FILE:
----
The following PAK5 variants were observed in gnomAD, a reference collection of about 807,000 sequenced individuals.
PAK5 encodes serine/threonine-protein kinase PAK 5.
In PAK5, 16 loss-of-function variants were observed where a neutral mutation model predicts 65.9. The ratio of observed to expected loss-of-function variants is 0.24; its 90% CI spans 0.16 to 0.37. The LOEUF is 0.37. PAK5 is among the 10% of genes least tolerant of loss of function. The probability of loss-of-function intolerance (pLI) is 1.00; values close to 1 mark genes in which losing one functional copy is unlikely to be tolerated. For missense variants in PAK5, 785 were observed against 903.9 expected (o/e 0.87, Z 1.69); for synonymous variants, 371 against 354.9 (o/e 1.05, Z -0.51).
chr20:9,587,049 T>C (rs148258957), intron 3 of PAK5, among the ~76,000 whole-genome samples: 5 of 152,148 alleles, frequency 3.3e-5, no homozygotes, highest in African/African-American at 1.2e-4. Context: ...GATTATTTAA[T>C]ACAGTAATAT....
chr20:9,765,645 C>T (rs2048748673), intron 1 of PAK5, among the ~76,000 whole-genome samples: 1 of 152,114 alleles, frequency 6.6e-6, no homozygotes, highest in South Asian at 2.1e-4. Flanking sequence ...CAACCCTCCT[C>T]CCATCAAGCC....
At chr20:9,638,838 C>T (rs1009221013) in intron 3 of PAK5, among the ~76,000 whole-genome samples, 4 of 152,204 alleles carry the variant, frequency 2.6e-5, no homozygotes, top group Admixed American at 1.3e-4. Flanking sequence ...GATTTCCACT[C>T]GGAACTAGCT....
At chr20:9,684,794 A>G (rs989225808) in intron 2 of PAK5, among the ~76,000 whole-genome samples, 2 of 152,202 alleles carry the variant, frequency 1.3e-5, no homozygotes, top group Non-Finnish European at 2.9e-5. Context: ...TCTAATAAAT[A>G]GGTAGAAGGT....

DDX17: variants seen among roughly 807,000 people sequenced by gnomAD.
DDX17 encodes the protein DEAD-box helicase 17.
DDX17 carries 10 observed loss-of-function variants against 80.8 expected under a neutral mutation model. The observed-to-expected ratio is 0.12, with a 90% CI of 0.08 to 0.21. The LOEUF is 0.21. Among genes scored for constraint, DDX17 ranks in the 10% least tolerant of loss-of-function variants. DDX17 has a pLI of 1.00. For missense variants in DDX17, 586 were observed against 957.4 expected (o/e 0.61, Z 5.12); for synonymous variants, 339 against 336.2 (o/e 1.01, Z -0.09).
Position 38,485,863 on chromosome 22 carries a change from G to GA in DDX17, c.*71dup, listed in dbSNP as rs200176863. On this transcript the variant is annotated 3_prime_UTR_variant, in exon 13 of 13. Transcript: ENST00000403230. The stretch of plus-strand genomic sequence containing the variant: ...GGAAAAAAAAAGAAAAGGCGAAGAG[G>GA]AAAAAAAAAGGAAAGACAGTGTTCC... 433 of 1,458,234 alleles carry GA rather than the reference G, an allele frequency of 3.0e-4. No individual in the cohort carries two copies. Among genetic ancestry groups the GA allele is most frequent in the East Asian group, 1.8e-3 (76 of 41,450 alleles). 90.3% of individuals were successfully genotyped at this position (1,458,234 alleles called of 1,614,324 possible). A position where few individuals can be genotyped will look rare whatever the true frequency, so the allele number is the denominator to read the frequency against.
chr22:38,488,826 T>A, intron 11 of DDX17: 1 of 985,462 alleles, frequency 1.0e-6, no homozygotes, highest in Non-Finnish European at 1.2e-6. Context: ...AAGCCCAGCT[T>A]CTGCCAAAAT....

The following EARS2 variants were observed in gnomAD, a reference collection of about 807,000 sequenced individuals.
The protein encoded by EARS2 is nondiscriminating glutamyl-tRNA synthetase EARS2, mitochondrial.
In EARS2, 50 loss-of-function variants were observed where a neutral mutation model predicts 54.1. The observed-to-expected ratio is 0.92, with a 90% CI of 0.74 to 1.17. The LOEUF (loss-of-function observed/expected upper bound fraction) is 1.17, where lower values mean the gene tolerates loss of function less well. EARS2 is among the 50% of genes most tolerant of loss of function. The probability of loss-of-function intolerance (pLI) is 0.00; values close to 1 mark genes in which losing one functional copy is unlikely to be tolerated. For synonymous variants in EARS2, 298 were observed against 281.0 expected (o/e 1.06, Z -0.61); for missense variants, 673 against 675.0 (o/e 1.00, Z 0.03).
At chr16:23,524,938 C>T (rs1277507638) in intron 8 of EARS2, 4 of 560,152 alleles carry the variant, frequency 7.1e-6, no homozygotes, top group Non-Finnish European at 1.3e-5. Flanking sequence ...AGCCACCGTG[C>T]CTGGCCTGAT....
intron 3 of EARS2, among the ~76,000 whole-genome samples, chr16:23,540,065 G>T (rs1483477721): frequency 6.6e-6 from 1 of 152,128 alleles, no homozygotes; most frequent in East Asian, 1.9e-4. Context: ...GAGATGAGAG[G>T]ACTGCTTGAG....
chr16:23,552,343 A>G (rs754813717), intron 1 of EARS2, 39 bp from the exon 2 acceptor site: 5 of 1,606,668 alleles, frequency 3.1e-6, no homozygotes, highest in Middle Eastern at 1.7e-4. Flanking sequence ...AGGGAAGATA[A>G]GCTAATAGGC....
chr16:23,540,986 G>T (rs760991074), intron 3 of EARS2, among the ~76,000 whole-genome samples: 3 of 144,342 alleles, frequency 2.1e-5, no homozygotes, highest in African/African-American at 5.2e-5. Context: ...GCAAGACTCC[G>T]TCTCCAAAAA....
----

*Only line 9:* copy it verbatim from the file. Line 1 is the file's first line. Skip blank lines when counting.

DDX17 encodes the protein DEAD-box helicase 17.